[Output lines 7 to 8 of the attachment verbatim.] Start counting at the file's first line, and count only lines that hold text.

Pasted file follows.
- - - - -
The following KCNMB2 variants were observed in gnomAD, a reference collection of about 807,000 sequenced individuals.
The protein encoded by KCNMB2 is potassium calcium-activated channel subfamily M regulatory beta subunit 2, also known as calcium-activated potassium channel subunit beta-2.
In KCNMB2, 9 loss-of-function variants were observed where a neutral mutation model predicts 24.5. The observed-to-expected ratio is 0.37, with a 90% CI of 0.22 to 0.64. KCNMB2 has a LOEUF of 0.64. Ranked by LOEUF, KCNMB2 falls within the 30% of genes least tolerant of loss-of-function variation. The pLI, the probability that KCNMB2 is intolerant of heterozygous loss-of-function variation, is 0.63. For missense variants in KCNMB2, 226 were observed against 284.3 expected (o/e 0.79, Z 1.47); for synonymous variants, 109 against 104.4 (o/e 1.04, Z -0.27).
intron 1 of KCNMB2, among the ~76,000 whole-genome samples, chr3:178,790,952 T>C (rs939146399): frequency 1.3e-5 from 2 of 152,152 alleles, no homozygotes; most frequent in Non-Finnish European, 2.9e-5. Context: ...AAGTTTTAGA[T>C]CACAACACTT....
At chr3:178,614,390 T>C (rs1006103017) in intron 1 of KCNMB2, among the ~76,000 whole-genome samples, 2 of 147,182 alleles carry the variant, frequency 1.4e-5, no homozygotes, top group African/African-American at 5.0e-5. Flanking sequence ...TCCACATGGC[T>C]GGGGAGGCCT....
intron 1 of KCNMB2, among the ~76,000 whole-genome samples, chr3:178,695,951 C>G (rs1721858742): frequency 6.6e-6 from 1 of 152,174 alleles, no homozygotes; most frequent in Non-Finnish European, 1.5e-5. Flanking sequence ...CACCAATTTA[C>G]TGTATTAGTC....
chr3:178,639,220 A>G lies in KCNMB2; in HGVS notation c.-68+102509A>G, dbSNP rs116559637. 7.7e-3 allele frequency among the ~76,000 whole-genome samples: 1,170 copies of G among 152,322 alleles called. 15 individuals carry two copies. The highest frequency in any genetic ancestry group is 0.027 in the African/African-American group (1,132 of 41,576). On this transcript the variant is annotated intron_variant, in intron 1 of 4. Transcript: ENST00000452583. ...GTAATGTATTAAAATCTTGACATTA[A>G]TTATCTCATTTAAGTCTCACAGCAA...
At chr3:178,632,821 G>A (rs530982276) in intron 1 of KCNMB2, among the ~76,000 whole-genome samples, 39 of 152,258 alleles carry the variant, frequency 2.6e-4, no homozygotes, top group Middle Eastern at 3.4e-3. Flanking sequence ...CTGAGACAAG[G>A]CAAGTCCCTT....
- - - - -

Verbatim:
chr3:178,639,220 A>G lies in KCNMB2; in HGVS notation c.-68+102509A>G, dbSNP rs116559637. 7.7e-3 allele frequency among the ~76,000 whole-genome samples: 1,170 copies of G among 152,322 alleles called. 15 individuals carry two copies. The highest frequency in any genetic ancestry group is 0.027 in the African/African-American group (1,132 of 41,576). On this transcript the variant is annotated intron_variant, in intron 1 of 4. Transcript: ENST00000452583. ...GTAATGTATTAAAATCTTGACATTA[A>G]TTATCTCATTTAAGTCTCACAGCAA...
At chr3:178,632,821 G>A (rs530982276) in intron 1 of KCNMB2, among the ~76,000 whole-genome samples, 39 of 152,258 alleles carry the variant, frequency 2.6e-4, no homozygotes, top group Middle Eastern at 3.4e-3. Flanking sequence ...CTGAGACAAG[G>A]CAAGTCCCTT....